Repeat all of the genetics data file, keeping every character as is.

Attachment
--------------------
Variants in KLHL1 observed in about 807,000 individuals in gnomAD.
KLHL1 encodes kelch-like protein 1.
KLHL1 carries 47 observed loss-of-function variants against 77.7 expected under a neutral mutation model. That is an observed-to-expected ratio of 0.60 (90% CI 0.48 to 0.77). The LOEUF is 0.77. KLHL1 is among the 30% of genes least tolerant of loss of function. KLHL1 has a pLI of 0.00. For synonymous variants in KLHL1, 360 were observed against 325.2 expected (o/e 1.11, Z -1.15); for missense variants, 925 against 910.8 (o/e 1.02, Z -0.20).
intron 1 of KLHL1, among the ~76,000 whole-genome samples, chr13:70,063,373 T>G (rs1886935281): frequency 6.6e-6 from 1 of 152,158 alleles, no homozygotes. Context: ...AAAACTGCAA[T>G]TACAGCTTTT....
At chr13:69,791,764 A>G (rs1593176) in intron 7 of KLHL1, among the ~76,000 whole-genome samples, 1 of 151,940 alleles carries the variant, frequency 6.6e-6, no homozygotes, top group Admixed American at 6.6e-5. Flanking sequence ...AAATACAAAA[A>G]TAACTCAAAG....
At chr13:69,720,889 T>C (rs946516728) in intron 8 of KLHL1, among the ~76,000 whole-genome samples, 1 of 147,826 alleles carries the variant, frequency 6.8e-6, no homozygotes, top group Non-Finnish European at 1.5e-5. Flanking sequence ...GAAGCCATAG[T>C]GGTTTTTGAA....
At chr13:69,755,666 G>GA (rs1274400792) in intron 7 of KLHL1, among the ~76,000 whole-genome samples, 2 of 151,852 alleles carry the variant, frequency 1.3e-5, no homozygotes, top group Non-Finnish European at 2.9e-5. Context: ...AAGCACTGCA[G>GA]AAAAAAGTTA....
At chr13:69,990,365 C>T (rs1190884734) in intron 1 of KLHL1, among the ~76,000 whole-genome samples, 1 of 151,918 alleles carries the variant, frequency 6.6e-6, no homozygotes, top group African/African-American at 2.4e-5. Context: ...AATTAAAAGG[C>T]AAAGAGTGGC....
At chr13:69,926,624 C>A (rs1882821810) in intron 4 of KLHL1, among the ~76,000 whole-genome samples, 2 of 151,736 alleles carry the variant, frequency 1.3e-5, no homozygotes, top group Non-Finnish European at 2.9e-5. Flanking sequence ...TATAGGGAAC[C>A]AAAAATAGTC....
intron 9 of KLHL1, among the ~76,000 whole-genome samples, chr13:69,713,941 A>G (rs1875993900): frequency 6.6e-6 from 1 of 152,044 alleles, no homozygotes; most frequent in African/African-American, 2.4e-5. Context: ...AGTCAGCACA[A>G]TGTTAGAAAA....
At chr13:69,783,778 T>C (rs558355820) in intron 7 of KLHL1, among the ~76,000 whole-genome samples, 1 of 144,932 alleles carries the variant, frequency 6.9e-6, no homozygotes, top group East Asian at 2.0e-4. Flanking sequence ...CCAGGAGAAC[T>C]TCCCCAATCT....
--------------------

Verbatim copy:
Variants in KLHL1 observed in about 807,000 individuals in gnomAD.
KLHL1 encodes kelch-like protein 1.
KLHL1 carries 47 observed loss-of-function variants against 77.7 expected under a neutral mutation model. That is an observed-to-expected ratio of 0.60 (90% CI 0.48 to 0.77). The LOEUF is 0.77. KLHL1 is among the 30% of genes least tolerant of loss of function. KLHL1 has a pLI of 0.00. For synonymous variants in KLHL1, 360 were observed against 325.2 expected (o/e 1.11, Z -1.15); for missense variants, 925 against 910.8 (o/e 1.02, Z -0.20).
intron 1 of KLHL1, among the ~76,000 whole-genome samples, chr13:70,063,373 T>G (rs1886935281): frequency 6.6e-6 from 1 of 152,158 alleles, no homozygotes. Context: ...AAAACTGCAA[T>G]TACAGCTTTT....
At chr13:69,791,764 A>G (rs1593176) in intron 7 of KLHL1, among the ~76,000 whole-genome samples, 1 of 151,940 alleles carries the variant, frequency 6.6e-6, no homozygotes, top group Admixed American at 6.6e-5. Flanking sequence ...AAATACAAAA[A>G]TAACTCAAAG....
At chr13:69,720,889 T>C (rs946516728) in intron 8 of KLHL1, among the ~76,000 whole-genome samples, 1 of 147,826 alleles carries the variant, frequency 6.8e-6, no homozygotes, top group Non-Finnish European at 1.5e-5. Flanking sequence ...GAAGCCATAG[T>C]GGTTTTTGAA....
At chr13:69,755,666 G>GA (rs1274400792) in intron 7 of KLHL1, among the ~76,000 whole-genome samples, 2 of 151,852 alleles carry the variant, frequency 1.3e-5, no homozygotes, top group Non-Finnish European at 2.9e-5. Context: ...AAGCACTGCA[G>GA]AAAAAAGTTA....
At chr13:69,990,365 C>T (rs1190884734) in intron 1 of KLHL1, among the ~76,000 whole-genome samples, 1 of 151,918 alleles carries the variant, frequency 6.6e-6, no homozygotes, top group African/African-American at 2.4e-5. Context: ...AATTAAAAGG[C>T]AAAGAGTGGC....
At chr13:69,926,624 C>A (rs1882821810) in intron 4 of KLHL1, among the ~76,000 whole-genome samples, 2 of 151,736 alleles carry the variant, frequency 1.3e-5, no homozygotes, top group Non-Finnish European at 2.9e-5. Flanking sequence ...TATAGGGAAC[C>A]AAAAATAGTC....
intron 9 of KLHL1, among the ~76,000 whole-genome samples, chr13:69,713,941 A>G (rs1875993900): frequency 6.6e-6 from 1 of 152,044 alleles, no homozygotes; most frequent in African/African-American, 2.4e-5. Context: ...AGTCAGCACA[A>G]TGTTAGAAAA....
At chr13:69,783,778 T>C (rs558355820) in intron 7 of KLHL1, among the ~76,000 whole-genome samples, 1 of 144,932 alleles carries the variant, frequency 6.9e-6, no homozygotes, top group East Asian at 2.0e-4. Flanking sequence ...CCAGGAGAAC[T>C]TCCCCAATCT....